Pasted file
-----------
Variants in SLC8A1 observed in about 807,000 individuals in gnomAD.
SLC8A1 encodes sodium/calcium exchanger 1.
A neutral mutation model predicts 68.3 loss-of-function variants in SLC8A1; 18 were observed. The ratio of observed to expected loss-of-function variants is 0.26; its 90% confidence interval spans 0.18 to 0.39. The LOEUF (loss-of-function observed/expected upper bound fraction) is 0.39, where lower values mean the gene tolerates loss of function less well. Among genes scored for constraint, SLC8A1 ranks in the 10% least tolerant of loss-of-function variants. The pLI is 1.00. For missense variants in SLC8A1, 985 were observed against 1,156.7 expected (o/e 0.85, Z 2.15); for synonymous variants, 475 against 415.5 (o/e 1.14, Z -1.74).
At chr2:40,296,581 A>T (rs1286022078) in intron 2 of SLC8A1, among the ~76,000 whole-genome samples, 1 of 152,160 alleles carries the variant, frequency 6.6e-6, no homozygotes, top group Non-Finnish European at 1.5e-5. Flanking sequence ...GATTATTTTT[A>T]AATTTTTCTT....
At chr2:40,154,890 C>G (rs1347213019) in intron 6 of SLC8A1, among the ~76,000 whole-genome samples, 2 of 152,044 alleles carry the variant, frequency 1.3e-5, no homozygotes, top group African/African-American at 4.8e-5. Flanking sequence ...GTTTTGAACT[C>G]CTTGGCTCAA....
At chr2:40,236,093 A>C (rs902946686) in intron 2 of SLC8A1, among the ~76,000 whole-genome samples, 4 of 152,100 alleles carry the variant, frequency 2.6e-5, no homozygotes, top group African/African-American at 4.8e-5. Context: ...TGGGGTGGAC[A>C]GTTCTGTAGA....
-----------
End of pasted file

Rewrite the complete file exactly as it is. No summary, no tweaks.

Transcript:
Variants in SLC8A1 observed in about 807,000 individuals in gnomAD.
SLC8A1 encodes sodium/calcium exchanger 1.
A neutral mutation model predicts 68.3 loss-of-function variants in SLC8A1; 18 were observed. The ratio of observed to expected loss-of-function variants is 0.26; its 90% confidence interval spans 0.18 to 0.39. The LOEUF (loss-of-function observed/expected upper bound fraction) is 0.39, where lower values mean the gene tolerates loss of function less well. Among genes scored for constraint, SLC8A1 ranks in the 10% least tolerant of loss-of-function variants. The pLI is 1.00. For missense variants in SLC8A1, 985 were observed against 1,156.7 expected (o/e 0.85, Z 2.15); for synonymous variants, 475 against 415.5 (o/e 1.14, Z -1.74).
At chr2:40,296,581 A>T (rs1286022078) in intron 2 of SLC8A1, among the ~76,000 whole-genome samples, 1 of 152,160 alleles carries the variant, frequency 6.6e-6, no homozygotes, top group Non-Finnish European at 1.5e-5. Flanking sequence ...GATTATTTTT[A>T]AATTTTTCTT....
At chr2:40,154,890 C>G (rs1347213019) in intron 6 of SLC8A1, among the ~76,000 whole-genome samples, 2 of 152,044 alleles carry the variant, frequency 1.3e-5, no homozygotes, top group African/African-American at 4.8e-5. Flanking sequence ...GTTTTGAACT[C>G]CTTGGCTCAA....
At chr2:40,236,093 A>C (rs902946686) in intron 2 of SLC8A1, among the ~76,000 whole-genome samples, 4 of 152,100 alleles carry the variant, frequency 2.6e-5, no homozygotes, top group African/African-American at 4.8e-5. Context: ...TGGGGTGGAC[A>C]GTTCTGTAGA....